One of the best benefits of the information age is that we no longer have to settle for “old wives’ tales” or “war stories” as the only proof of the validity of a given martial art or self-defense method/tactic. Up until even 10 years ago, it was not easy to counter unverifiable anecdotes with documented facts. I remember around 1999 getting into an online debate with a minor martial artist about whether grappling joint locks actually broke bones. I ran rings around his arguments and he looked really bad (which I think contributed to his leaving of the martial art world and his move to finding other ways of making a fast buck), but it took awhile because the internet was not as omnipresent or as vast as it is today. If that argument took place today it would be about five minutes of Google search to have tons of documented evidence.
So we get to see things easily that we had to take on faith for decades. For example, watch the following video clip and think about what is there and, more importantly, is NOT there.
What do we see?
First, it is certainly a “streetfight”. It is obviously not two guys in a schoolyard pushing match. The one person is extremely aggressive and clearly wants to inflict pain and/or damage to the other person. Even as the other person tries to de-escalate and escape from the situation, the larger man continues to pursue in an attempt to hurt the other.
Second, there is an imbalance in the physical comparison. The aggressor is much larger than the person trying to move away. This is the classic mean and bigger bully picking on the small guy – right out of the old Charles Atlas ads.
Third, they are not in a gym on nice padded mats. Nor are they in an MMA cage or ring. The setting is similar to almost any urban area on the planet.
Fourth, there is no referee present. There is no third party to stop the use of foul tactics, nor is there anyone there to enforce a rule set or to keep outside influences to come into play.
Fifth, the defender uses a pure combat sport methodolgy to defend himself. It is incredibly clear that the he is a boxer, and uses the exact same tactics in the street that he would use in the ring.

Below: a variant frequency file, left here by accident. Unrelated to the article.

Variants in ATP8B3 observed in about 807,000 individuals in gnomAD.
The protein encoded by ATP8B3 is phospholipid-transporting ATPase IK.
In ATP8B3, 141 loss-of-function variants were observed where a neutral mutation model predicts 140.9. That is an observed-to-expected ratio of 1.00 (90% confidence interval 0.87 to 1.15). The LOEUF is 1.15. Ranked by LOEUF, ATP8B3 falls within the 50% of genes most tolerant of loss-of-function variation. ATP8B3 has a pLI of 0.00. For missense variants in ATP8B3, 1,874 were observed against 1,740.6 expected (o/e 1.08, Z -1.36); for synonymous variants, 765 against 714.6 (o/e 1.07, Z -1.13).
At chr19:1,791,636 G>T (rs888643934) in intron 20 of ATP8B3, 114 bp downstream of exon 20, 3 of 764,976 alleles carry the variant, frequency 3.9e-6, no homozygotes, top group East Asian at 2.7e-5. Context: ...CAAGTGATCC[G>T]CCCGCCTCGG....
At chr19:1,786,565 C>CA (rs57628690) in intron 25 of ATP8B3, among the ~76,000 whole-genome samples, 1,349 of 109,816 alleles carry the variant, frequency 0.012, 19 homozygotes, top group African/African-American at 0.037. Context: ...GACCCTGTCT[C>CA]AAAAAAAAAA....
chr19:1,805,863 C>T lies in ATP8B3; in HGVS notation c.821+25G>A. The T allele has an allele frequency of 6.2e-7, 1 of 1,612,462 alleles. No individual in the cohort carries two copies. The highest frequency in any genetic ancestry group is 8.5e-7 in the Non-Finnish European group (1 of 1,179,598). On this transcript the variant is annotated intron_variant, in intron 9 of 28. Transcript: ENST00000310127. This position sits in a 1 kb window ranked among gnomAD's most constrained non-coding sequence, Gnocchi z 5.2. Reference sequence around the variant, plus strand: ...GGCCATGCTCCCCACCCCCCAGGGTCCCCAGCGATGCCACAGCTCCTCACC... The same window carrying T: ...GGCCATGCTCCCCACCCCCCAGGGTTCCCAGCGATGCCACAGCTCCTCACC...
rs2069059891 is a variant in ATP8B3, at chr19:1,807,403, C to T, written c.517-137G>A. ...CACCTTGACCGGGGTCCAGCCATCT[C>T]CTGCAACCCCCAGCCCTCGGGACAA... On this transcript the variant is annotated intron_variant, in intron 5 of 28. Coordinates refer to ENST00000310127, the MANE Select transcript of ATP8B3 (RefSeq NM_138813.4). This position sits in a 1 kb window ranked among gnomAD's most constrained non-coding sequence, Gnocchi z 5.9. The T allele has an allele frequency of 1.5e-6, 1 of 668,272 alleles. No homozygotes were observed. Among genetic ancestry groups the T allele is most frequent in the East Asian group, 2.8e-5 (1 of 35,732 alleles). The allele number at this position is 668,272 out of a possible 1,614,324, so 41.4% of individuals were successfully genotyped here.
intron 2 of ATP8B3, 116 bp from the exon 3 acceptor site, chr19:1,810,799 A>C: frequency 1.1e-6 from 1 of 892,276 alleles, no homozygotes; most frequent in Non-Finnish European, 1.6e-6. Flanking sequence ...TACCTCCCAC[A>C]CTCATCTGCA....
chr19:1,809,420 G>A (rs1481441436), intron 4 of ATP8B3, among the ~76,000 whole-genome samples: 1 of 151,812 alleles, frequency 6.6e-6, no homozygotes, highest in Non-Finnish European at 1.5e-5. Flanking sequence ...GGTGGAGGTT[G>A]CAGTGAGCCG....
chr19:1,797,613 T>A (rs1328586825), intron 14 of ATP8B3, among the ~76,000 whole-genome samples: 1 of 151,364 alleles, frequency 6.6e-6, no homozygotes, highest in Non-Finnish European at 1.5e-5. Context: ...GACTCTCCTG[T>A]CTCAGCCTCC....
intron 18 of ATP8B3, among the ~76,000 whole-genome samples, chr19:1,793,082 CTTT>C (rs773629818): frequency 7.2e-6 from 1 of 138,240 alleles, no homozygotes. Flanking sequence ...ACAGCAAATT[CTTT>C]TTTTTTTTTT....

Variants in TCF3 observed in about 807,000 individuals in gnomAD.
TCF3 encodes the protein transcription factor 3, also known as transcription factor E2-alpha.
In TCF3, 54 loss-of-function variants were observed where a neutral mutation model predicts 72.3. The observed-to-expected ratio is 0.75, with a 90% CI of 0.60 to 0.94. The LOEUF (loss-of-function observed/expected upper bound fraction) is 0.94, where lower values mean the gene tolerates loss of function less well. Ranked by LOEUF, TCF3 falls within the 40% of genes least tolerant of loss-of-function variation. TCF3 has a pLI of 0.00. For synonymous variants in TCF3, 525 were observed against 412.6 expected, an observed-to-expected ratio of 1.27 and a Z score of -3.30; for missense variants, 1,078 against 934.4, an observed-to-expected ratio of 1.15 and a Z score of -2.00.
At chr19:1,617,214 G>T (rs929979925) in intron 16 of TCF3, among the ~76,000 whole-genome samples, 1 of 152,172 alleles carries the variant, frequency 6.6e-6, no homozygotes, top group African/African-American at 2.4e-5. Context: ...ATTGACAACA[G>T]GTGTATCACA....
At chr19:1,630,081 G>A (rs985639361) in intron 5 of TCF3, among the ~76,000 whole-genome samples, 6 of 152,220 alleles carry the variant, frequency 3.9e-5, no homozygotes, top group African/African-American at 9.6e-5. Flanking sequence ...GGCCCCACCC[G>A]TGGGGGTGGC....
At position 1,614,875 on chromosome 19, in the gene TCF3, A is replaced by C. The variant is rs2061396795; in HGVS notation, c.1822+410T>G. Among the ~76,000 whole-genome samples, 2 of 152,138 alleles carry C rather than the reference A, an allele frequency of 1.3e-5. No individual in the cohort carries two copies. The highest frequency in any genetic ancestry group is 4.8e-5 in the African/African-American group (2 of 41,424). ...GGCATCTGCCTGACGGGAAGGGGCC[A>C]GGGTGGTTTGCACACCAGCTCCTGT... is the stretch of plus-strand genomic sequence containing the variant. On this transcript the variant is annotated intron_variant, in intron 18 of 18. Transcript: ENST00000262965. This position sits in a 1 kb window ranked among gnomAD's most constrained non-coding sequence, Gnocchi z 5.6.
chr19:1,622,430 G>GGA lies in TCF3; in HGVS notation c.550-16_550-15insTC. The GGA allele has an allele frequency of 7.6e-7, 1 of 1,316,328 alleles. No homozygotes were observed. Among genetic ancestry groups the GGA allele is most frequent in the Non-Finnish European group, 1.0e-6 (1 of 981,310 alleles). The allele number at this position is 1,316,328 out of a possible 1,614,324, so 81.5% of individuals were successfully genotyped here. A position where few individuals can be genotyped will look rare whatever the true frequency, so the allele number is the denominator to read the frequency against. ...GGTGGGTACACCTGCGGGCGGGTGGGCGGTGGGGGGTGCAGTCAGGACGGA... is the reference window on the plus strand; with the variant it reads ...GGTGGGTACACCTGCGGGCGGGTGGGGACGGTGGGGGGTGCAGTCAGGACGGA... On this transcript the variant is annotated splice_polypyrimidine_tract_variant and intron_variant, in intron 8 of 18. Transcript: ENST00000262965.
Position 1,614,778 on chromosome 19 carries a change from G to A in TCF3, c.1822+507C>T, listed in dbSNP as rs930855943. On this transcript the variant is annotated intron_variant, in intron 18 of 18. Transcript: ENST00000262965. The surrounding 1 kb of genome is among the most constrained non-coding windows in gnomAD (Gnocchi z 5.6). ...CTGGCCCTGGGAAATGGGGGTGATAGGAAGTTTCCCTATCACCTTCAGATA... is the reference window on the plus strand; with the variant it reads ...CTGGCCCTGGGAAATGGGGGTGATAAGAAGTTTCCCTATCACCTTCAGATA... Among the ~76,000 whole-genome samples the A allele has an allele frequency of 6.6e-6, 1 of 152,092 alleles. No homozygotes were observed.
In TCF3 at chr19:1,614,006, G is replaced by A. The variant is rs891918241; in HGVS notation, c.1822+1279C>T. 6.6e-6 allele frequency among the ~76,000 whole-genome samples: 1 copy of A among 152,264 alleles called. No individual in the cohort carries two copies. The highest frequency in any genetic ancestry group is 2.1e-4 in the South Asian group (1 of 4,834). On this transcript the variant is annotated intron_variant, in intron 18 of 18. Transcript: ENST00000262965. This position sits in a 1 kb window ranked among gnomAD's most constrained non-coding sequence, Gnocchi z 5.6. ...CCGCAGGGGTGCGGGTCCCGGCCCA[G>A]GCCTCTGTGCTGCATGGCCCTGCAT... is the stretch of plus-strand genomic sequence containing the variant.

So what do we NOT see?
One, we do not see multiple attackers. This is man versus man. This, according to many self-defense people, never happens. And yet it does. Why is this significant? Well, because if there are times when a fight/assault is one against one, then ignoring methods/tactics/techniques that are optimized for that in the hope that other, lesser methods work better against multiple opponents ( a very dubious and unproven hope, at best), only to never encounter an assault from multiple opponents is not a particularly useful idea. I have been conducting a research project over the past year or so, using huge databases with literally thousands of incidents, to try to quantify exactly the likelihood of that. While I am still working on it, the preliminary results are showing that, at best, the percentage of multiple attackers is 40%. So why should we ignore proven methods that work best in 60% or incidents, and still work, with only slight modifications in the other percent? It makes no sense. We should want best case answers as much as possible across the board.
Second, we don’t see weapons involved. Again, something that many experts claim will always be involved. And again using the same databases for my research project is showing somewhere in the area or the high 30s as a percentage of incidents where weapons are used. And many times those weapons are more opportunistic than purpose carried. Items such as tire irons/crow bars, steak knives, baseball bats, etc. This is absolutely not an argument to ignore the possibility. In point of fact, I think it is critical that we specifically train for that eventuality in part of our defensive preparations. However, that again does not mean we ignore high percentage answers for the vast majority of real world situations.
Third, we see no injury to the defender’s hands. He clearly hits the aggressor with a closed fist, and hits the bad guy on the head, including hard bony parts of the head. And yet, it causes him no problems at all, contrary to what many Self-defense instructors say (“never hit with the closed fist to the head”). Is the potential for injury there? Of course, just as it is if the defender had hit the bad guy with a chin jab and takes the risk of a devastating wrist or finger injury.
To sum up, this is not a call to ignore the dangers of multiple opponents or weapons. Those things must be trained for. In my own training, as well as when I teach, I always make it a point to include those principles. But, we need to be realistic about the odds, and stop making dogmatic pronouncements that a street assault will always go a certain way. The world is a big place, with lots of different people doing different things, all in a very chaotic manner. Let us deal with the variables and the chaos, and not try to impose our own wants and beliefs on the chaos.